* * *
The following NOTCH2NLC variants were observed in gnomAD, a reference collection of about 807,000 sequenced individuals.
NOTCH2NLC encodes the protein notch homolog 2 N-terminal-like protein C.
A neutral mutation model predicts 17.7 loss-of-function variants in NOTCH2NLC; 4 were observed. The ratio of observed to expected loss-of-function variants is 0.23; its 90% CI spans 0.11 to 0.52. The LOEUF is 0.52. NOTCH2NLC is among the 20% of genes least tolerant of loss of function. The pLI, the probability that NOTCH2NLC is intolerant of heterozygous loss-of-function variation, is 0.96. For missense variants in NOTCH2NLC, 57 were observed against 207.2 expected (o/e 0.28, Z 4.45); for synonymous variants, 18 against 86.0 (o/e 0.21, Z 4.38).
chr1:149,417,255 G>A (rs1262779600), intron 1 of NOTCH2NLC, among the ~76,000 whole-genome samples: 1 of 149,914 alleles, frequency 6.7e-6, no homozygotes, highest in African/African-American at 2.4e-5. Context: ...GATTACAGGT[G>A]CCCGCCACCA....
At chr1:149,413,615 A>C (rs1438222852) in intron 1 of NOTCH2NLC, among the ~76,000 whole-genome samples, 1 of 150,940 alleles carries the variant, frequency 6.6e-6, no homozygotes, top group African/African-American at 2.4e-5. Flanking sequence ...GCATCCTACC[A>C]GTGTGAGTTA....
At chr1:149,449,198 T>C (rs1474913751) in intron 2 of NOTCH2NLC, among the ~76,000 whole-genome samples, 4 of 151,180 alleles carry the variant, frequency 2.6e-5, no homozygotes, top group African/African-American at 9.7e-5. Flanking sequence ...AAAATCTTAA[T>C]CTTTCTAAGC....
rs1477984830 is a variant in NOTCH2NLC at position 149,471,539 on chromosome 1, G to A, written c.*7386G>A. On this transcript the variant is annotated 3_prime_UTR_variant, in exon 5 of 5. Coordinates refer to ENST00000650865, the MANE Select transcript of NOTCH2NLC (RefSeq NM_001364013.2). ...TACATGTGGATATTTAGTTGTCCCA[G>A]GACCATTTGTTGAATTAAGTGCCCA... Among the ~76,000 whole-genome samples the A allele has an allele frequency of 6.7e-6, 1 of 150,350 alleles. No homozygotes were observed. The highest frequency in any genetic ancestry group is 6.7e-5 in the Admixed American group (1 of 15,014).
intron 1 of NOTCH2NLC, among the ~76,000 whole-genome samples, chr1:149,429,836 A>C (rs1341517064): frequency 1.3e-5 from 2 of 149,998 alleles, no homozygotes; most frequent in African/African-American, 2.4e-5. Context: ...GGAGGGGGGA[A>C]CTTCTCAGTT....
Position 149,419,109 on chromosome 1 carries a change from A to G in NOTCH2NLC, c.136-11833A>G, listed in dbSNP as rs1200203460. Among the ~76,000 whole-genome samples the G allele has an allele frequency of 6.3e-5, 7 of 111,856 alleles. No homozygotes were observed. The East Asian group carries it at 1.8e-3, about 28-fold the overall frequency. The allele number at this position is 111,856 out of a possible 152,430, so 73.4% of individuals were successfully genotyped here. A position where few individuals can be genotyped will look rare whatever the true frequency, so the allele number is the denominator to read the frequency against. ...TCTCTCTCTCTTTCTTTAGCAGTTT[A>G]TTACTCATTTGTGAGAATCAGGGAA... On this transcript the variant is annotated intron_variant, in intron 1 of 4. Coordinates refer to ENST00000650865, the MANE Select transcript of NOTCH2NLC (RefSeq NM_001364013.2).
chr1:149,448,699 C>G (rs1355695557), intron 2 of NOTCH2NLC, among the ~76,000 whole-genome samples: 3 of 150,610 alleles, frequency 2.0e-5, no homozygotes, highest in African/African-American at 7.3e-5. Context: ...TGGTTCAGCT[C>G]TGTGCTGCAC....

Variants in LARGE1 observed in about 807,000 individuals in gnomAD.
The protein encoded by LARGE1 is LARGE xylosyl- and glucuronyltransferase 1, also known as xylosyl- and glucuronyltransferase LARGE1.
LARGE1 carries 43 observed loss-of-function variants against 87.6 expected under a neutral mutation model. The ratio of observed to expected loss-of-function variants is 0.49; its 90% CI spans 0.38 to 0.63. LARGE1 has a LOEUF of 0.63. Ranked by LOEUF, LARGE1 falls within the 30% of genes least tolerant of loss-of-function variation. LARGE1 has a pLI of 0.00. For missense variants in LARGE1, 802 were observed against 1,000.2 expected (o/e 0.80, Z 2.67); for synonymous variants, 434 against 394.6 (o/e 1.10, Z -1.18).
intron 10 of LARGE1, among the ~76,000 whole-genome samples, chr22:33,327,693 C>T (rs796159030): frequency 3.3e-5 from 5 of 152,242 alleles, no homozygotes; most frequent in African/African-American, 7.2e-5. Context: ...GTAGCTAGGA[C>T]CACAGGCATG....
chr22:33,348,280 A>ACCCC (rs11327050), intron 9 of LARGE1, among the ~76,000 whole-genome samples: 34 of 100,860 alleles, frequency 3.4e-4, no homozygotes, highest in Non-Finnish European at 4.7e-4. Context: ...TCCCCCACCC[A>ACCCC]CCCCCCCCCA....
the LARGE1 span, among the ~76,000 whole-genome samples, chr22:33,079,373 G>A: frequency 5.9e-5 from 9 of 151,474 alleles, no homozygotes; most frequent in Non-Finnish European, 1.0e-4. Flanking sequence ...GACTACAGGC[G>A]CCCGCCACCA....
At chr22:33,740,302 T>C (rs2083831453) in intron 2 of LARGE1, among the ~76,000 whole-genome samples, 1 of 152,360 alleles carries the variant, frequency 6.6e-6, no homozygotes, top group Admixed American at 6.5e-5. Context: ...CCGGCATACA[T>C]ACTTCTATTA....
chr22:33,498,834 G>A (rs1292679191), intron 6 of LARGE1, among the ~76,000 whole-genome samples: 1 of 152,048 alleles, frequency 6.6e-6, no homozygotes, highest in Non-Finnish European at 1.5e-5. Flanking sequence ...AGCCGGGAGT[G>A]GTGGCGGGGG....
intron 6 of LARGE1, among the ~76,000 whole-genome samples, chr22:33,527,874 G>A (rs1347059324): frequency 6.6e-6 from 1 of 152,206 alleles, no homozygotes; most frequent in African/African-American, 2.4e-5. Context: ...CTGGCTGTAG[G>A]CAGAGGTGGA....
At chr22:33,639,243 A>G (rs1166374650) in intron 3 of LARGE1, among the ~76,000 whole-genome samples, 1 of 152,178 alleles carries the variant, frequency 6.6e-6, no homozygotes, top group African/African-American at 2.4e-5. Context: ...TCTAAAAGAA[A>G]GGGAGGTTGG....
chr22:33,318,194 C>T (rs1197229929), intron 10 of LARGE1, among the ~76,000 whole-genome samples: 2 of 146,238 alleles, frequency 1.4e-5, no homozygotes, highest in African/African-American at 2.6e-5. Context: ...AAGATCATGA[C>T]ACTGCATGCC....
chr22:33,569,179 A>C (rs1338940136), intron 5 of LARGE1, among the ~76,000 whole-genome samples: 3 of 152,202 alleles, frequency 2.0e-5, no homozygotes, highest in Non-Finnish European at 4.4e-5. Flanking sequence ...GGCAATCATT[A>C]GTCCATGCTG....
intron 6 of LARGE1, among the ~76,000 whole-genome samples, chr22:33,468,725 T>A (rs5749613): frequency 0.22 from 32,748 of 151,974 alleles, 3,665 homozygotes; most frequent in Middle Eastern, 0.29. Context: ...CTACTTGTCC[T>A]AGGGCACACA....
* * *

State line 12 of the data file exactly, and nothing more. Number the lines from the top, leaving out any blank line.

The protein encoded by LARGE1 is LARGE xylosyl- and glucuronyltransferase 1, also known as xylosyl- and glucuronyltransferase LARGE1.